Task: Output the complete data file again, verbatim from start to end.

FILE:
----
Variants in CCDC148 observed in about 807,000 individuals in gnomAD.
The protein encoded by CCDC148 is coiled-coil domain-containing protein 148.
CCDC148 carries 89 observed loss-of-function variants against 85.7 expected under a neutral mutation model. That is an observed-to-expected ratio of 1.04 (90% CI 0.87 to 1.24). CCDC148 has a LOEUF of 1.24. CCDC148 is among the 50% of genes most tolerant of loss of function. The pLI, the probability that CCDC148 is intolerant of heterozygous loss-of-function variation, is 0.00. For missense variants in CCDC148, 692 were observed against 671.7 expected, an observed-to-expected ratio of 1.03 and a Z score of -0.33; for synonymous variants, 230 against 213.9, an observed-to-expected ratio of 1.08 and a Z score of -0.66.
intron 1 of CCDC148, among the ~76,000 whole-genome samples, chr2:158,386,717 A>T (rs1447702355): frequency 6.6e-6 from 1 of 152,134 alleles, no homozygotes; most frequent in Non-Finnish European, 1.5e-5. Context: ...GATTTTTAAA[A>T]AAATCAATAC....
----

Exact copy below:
Variants in CCDC148 observed in about 807,000 individuals in gnomAD.
The protein encoded by CCDC148 is coiled-coil domain-containing protein 148.
CCDC148 carries 89 observed loss-of-function variants against 85.7 expected under a neutral mutation model. That is an observed-to-expected ratio of 1.04 (90% CI 0.87 to 1.24). CCDC148 has a LOEUF of 1.24. CCDC148 is among the 50% of genes most tolerant of loss of function. The pLI, the probability that CCDC148 is intolerant of heterozygous loss-of-function variation, is 0.00. For missense variants in CCDC148, 692 were observed against 671.7 expected, an observed-to-expected ratio of 1.03 and a Z score of -0.33; for synonymous variants, 230 against 213.9, an observed-to-expected ratio of 1.08 and a Z score of -0.66.
intron 1 of CCDC148, among the ~76,000 whole-genome samples, chr2:158,386,717 A>T (rs1447702355): frequency 6.6e-6 from 1 of 152,134 alleles, no homozygotes; most frequent in Non-Finnish European, 1.5e-5. Context: ...GATTTTTAAA[A>T]AAATCAATAC....